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The Einstein Intersection, by Samuel R Delany (Books 2008, 5)

Or, ‘A Fabulous, Formless Darkness’, which was Delany’s original preferred title, according to Neil Gaiman (him again?) in his introduction to this edition.

Delany writes twisty puzzle-stories, where it’s not always clear what’s going on, or why. I’m a big fan of his later masterpiece, Dhalgren, which matches that description, for example.

This one is more straightforward by comparison. It is Earth’s far future. Humans have gone, and the world is instead inhabited by an alien race. They have taken over, not just the planet, but humanity’s identity, its myths, even its genetics. And they are struggling to be human.

Or that, at least, is what we are told. That is what our hero, Lo Lobey, believes, what the elders of his village have taught him. But personally, I’m not convinced.

See, there’s nothing here that requires that the characters be aliens; they behave just as humans would, in most cases. Far-future, post-fall humans, yes, but still they could be humans. Sure, Lobey has prehensile toes, there are various other physical differences, and there is a neuter (or hermaphrodite, it’s not clear) ‘third sex’; but none of that is anything that a bit of genetic manipulation - deliberate, accidental, or a combination of the two - couldn’t cause. And there are some psychic abilities, but that is well within humanity’s capabilities in thousands of stories, of course.

More importantly, they feel like humans. As Gaiman says, “they are us.”

There is one element that is more alien, though. That is the curious character of Kid Death, and his (and perhaps some other characters’) apparent ability to bring back the dead at will. The latter could be illusion, of course, and would then be in keeping with the psychic powers I mentioned above.

Why does this matter, you might ask? Why do I care whether these people are aliens or advanced-and-fallen humans? In one sense it doesn’t matter, of course. You can enjoy the story while taking the explanation for its background at face value. But there is, to me, something unsatisfying about the “aliens who have taken on the characteristics of humans” explanation. It is too unexplained.

Not that we can or should expect everything to be explained in SF (or not at first, at least); and in Delany’s work this low expectation is perhaps lower than in most. Certainly Dhalgren, for example, gives few clues as to what is going on, or how things have got to where they are (it occurs to me, in fact, that it could be set in the same world as the present story).

To have a story about such an alien race, with no examination of what they were like before they took on the role of humanity, or why they did it, seems a curious choice. But I suppose we could see it as a demonstration of true alienness: there is no explanation of why they behave as they do because we simply could not understand their rationale.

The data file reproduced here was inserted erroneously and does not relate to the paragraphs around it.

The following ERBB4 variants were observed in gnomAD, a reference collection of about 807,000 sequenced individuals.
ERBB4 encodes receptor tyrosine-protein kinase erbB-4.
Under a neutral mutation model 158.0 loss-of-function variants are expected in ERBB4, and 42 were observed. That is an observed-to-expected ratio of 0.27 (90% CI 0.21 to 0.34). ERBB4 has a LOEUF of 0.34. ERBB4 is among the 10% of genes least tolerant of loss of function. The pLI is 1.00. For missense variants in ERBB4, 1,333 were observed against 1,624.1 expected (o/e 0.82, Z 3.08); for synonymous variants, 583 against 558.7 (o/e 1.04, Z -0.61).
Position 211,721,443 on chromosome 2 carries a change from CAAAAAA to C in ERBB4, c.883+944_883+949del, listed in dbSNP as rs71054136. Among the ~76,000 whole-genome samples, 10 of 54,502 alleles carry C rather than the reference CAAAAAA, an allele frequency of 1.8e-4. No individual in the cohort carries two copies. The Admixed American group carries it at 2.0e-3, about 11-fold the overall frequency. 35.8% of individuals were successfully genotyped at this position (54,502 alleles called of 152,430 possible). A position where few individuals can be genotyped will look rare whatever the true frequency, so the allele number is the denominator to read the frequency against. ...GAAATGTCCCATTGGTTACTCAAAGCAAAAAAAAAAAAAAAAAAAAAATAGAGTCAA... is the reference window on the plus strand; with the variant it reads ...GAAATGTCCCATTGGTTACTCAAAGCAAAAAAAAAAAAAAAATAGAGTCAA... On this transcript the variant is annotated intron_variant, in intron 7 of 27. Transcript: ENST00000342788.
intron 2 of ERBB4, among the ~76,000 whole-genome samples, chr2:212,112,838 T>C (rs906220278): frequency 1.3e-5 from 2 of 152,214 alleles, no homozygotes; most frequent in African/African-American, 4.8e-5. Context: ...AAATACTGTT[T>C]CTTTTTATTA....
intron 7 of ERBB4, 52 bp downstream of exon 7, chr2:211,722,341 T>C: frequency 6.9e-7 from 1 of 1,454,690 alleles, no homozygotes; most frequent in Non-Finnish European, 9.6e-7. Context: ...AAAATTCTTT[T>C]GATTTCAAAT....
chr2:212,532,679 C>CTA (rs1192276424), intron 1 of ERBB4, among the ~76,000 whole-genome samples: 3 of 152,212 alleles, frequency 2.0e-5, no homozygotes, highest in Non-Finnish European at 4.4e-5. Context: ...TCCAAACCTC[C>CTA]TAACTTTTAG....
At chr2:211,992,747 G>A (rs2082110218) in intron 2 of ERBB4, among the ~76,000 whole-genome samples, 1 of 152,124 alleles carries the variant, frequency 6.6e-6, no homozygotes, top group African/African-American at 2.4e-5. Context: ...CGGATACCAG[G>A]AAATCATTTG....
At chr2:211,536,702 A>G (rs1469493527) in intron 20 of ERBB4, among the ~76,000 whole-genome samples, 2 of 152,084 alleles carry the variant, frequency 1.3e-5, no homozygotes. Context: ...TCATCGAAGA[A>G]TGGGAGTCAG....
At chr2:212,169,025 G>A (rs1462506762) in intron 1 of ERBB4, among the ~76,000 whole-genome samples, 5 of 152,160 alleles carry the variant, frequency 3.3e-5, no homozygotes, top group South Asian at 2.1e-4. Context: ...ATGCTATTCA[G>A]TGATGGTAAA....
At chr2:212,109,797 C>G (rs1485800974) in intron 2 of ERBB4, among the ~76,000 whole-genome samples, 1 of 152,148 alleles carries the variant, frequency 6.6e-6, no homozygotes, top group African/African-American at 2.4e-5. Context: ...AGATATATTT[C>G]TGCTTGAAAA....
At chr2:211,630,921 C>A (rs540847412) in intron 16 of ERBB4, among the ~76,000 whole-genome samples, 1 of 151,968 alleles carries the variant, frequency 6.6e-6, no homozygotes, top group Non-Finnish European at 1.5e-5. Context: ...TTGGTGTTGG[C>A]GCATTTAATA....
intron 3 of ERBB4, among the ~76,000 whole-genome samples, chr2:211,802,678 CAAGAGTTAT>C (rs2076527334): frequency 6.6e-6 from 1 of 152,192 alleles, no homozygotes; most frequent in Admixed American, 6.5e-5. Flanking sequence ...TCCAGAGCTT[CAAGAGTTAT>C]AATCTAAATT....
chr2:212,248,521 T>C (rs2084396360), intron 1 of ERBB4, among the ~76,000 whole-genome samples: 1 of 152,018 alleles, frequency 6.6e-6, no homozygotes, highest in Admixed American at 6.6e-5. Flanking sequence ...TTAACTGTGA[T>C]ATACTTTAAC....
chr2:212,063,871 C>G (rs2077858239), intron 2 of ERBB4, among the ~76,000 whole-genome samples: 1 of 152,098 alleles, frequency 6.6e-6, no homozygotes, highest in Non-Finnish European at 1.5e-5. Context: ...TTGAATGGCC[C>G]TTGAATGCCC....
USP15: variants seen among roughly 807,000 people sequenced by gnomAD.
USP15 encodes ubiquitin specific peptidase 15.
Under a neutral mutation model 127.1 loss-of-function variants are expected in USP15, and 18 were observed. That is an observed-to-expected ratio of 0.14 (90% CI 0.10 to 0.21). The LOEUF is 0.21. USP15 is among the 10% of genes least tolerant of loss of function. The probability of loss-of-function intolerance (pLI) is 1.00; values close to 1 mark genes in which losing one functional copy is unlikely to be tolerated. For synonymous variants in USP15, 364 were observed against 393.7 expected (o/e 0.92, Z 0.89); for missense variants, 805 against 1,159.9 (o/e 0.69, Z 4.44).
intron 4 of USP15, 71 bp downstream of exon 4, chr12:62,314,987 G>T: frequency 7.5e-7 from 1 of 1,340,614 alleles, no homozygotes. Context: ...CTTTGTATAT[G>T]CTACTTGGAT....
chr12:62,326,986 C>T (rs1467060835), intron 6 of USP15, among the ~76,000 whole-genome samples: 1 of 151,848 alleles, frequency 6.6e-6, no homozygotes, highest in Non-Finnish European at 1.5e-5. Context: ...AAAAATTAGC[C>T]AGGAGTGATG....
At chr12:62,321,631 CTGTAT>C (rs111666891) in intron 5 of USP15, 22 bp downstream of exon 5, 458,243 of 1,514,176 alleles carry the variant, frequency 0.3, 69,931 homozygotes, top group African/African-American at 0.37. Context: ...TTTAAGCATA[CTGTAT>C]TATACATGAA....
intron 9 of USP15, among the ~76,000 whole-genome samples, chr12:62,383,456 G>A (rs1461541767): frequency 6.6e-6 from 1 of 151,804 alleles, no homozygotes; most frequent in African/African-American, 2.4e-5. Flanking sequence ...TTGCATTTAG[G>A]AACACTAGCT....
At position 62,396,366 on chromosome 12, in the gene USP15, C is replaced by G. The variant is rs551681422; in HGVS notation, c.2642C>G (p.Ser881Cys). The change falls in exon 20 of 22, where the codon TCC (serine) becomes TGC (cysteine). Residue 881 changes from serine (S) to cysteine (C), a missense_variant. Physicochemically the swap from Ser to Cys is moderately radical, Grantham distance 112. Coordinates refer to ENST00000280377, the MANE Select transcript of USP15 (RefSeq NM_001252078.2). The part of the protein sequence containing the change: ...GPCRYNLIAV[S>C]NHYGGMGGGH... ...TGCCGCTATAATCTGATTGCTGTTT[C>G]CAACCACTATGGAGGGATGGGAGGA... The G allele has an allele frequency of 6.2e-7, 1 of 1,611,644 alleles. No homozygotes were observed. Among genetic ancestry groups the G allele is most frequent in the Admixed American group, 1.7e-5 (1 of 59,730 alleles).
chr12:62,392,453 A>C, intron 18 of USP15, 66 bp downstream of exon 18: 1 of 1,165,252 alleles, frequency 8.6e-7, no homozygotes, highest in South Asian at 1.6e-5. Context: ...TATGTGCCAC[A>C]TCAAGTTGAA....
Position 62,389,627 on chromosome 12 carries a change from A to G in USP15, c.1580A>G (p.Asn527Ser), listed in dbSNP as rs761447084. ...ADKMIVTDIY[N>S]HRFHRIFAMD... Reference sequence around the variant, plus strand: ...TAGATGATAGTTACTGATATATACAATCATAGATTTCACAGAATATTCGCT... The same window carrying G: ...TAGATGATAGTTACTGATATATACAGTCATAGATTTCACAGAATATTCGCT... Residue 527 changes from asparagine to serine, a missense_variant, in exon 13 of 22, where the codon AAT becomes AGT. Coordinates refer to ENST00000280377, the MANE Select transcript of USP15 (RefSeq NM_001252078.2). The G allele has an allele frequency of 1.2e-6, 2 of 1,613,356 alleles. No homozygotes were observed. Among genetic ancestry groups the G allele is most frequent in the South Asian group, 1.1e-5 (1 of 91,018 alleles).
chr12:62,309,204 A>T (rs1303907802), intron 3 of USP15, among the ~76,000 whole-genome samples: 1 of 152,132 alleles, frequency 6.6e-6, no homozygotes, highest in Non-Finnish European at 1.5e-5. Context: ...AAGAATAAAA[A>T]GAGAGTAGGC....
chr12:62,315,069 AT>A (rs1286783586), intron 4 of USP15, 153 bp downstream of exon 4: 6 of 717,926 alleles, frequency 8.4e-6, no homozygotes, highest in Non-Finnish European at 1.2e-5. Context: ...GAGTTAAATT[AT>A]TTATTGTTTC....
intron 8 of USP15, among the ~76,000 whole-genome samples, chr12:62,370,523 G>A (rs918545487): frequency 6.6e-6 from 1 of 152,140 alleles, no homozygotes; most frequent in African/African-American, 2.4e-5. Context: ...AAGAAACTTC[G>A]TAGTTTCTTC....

And I think that’s the explanation I like best.


So the Tories took Crewe and Nantwich in the by-election.

I don’t understand (never have) the mentality, the mindset, the brains of floating voters. I’m not saying that no-one should ever change their mind, in politics or anything else; nor do I think that people can’t be convinced by the arguments over issues - nor, for that matter, swayed by the force of a candidate’s personality. Furthermore, I speak as one who has voted against Labour, my lifetime-favoured party, in recent years.

But floating voters - and in particular ones who’ll switch all the way between Labour and Tory - I just don’t understand them.

Of course it’s possible - even likely - that no-one actually describes themself as a floating voter. They might all say, “I decide on the issues each time,” or even, “… by who I like…” That would be OK, y’know? I could get behind that, sort of. I mean, it doesn’t sound very committed; but it could be. On each occasion you could examine the candidates’ and/or their parties’ positions on human rights/the environment/tax cuts/hanging and flogging (or whatever your particular concerns may be). Match them against your own position and preferences, and see who suits you best.

But I’m not convinced that’s what the bulk of these ‘floaters’ do.

See, I suspect that they mostly take little to no interest in politics (which is to say, little to no interest in the world) between elections. Then when one does roll round they vote whatever way their stupid, dumbfuck tabloid paper tells them to.

Though I may be doing many people a great disservice there. And at least they do get out and vote.

It’s just that sometimes the world might be a better place if they didn’t.

Jeremy Hardy obviously feels similarly to me: on The News Quiz the other night he said that floating voters who switched all the way from Labour to Tory (rather than voting, say, Green or LibDem) were like someone saying, “Well, I’ve always had my hair cut at the barbers in the High Street, but this time I’m just going to set my head on fire!”

British Summer Time, by Paul Cornell (Books 2008, 4)

Paul Cornell wrote some of my favourite episodes of Doctor Who‘s recent years: ‘Father’s Day’, and the ‘Human Nature’/’Family of Blood’ two-parter. After the latter, I downloaded and read the ebook of his original novel (on which the episodes were based). So I came to this with some knowledge of his writing.

But not with so much knowledge of his religious beliefs. I had some sense — from reading his blog, presumably — that he was religious, at least in a vague, Church-of-Englandy sort of way; but I didn’t expect, on picking this up, that it would have such a religious heart (or maybe ‘soul’ would be more appropriate).